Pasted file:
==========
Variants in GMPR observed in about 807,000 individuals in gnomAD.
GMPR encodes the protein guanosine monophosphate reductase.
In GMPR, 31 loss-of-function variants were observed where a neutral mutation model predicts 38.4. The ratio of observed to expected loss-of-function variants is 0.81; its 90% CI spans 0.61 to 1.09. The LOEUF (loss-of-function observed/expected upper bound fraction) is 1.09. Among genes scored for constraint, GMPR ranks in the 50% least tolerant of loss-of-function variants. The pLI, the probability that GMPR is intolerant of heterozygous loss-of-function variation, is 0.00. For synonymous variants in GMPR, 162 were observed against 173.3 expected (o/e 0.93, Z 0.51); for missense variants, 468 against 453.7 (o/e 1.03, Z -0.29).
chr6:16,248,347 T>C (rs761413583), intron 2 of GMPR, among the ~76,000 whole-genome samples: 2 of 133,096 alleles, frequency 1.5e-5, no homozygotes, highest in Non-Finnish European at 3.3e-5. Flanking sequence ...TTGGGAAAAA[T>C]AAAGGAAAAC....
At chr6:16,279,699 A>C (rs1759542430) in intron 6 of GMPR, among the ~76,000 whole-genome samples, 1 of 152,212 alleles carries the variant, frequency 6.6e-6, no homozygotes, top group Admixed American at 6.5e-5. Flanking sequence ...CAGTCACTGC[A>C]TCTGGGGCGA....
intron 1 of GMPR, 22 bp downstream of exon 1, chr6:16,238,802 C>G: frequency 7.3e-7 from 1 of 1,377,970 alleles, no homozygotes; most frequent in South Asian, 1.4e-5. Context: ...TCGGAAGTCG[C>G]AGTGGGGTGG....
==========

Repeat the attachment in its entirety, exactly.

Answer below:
Variants in GMPR observed in about 807,000 individuals in gnomAD.
GMPR encodes the protein guanosine monophosphate reductase.
In GMPR, 31 loss-of-function variants were observed where a neutral mutation model predicts 38.4. The ratio of observed to expected loss-of-function variants is 0.81; its 90% CI spans 0.61 to 1.09. The LOEUF (loss-of-function observed/expected upper bound fraction) is 1.09. Among genes scored for constraint, GMPR ranks in the 50% least tolerant of loss-of-function variants. The pLI, the probability that GMPR is intolerant of heterozygous loss-of-function variation, is 0.00. For synonymous variants in GMPR, 162 were observed against 173.3 expected (o/e 0.93, Z 0.51); for missense variants, 468 against 453.7 (o/e 1.03, Z -0.29).
chr6:16,248,347 T>C (rs761413583), intron 2 of GMPR, among the ~76,000 whole-genome samples: 2 of 133,096 alleles, frequency 1.5e-5, no homozygotes, highest in Non-Finnish European at 3.3e-5. Flanking sequence ...TTGGGAAAAA[T>C]AAAGGAAAAC....
At chr6:16,279,699 A>C (rs1759542430) in intron 6 of GMPR, among the ~76,000 whole-genome samples, 1 of 152,212 alleles carries the variant, frequency 6.6e-6, no homozygotes, top group Admixed American at 6.5e-5. Flanking sequence ...CAGTCACTGC[A>C]TCTGGGGCGA....
intron 1 of GMPR, 22 bp downstream of exon 1, chr6:16,238,802 C>G: frequency 7.3e-7 from 1 of 1,377,970 alleles, no homozygotes; most frequent in South Asian, 1.4e-5. Context: ...TCGGAAGTCG[C>G]AGTGGGGTGG....